Callisto's Life Story Edit

Situated deep in the hills of the Custurii mountain range in Bacas County, a small cave carves its way through the ancient rock, visible only as a single, flickering light from the cave's narrow mouth.

The cave is the secluded home of a man previously known as Alessandro Farussi, a 15th Century Venetian poet and socialite. He was among the first to fall victim to Mara's blood rage and was made vampire shortly after her own transformation.

The son of an intellectual courtesan, Alessandro learned about the arts from his mother at an early age. Blessed with a handsome face, sharp wits and a keen talent for pompous poetry, he soon became illustrious within the tight-knit circle of the Venetian social elite, especially among the women.

After an unfortunate incident involving the daughter of a nobleman, he had to flee Venice and travelled to Transylvania, changing his name to Callisto to avoid unwanted attention. Through charm, gracious manners and poetry he was able to befriend the royal couple, and they invited him to stay at the castle, as their guest.

Callisto would follow them when they both travelled, but when Vlad was away fighting the Ottomans, he stayed at the castle, entertaining and supporting the fretting princess.

Perhaps it was friendship and a desire not to be alone that made Mara turn him, or perhaps it was indiscriminate bloodlust that drove her. Regardless, Callisto became one of Mara's first victims and an early member of her twisted court.

For centuries he travelled the European nights and feasted on innocent victims. He drank the blood of men, women and children from all levels of society, unfazed. He was immortal, untouchable, a young god of the night.

Until one day in the late 1800s.

He was living in Paris at the time, enjoying the company - and taste - of artists and bohemians in Montmartre, when he met a young woman;

Lodie, a courtesan and dancer at the Moulin Rouge, was an exceptional beauty. Callisto fell hopelessly in love, surprised that he was still capable of such bewildering and bloodless emotions.

Careful to hide his true nature from her, they only met after sunset and he all but stopped drinking human blood. For months he pampered her with lavish gifts, romantic poetry and confessions of love. Suddenly, he cared more for another person than himself, and he became terrified of the gutting ramifications were his dark secret to be revealed.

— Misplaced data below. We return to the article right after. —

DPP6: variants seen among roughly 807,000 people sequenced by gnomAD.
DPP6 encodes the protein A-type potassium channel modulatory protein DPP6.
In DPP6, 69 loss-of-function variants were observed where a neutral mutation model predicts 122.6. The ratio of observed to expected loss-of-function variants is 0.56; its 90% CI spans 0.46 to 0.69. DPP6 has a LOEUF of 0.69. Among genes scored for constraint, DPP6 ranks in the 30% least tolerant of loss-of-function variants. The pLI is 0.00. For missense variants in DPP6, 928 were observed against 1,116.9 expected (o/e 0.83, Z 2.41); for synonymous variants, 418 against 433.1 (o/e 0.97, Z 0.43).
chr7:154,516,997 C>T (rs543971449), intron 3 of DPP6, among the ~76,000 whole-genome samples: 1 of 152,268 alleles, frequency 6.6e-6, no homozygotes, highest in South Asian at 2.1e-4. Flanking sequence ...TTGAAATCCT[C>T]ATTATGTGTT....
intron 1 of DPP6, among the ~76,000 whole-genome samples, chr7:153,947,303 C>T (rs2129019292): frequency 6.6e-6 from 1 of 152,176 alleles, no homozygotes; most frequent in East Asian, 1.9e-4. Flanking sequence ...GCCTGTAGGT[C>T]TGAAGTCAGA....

For a while they were very happy together, but the beast inside him couldn't be tamed. Eventually his hunger for blood could no longer be subdued.

Unfortunately, lodie was close - too close - when the frenzy hit.

Like the final scene of a Greek tragedy, Callisto murdered his one true love, the only person who could turn him away from his gruesome ways. When his savage thirst was sated he saw her lifeless body in his arms, her perfect, pale skin covered in blood, and something within him died.

His lifeless heart broken, Callisto fled Paris in shame, returning to the only place one such as him could live - Transylvania. Here he had been made into the monster he was. He retreated into the cold, desolate mountains and staked out a home of sorts in an old cave.

He is undead evidence that nothing need last forever and that everyone can change, given enough time. In stark contrast to his human life as a flamboyant 15th century drunkard and a ladies' man, now he broods in self-imposed exile.

He's had time to reflect on his actions, how he destroyed the lives of so many. He stole their chance to live, love and die naturally...much like he was robbed when Mara made him.

Like a tragic figure from classical literature, Callisto writhes in intense conflict with his own nature.

Being a vampire, he still has to drink blood regularly, but has sworn only to kill sick and old animals. Sometimes, however, the blood-rage conquers his promise, and only human blood can still the thirst. Afterwards, a great sorrow for the people he has killed tears at him, and he tries to redeem himself by paying penance to their families.

He's never forgotten what he did to his lover, and as the years have passed, he's come to hate what he is. Not one day passes without grief. He has wanted nothing but death for a very long time. It would be so easy - to simply step into the sunlight, and purge the pain forever. No more killings, no more regret.

Life is precious, however, even an undead life like his. Despite his intense desire to die, the survival instinct is stronger. He cannot bring himself to commit suicide or let someone kill him. His body overpowers his will.

Callisto justifies his will to live through guilt. Why does he deserve the freedom of death, when others have suffered so much because of him?

When Mara returned and called for a crusade against humanity - for all vampires to rise and create a glorious vampire nation - Callisto saw an opportunity to redeem himself. Unlike his vampire kin, he resisted Mara's call. Deep from his cave, he vows to do all in his limited power to foil her plans; he dreams of revenge and redemption. He knows that if he confronts her he will lose. Her hold on him is too tight. But he can aid others, champions of a secret world, who may be better able to subvert her sick sovereignty.

His unique knowledge of vampires, their origin and the history of the county could help stop more suffering, and, secretly, Callisto hopes deliverance will give him the courage to die.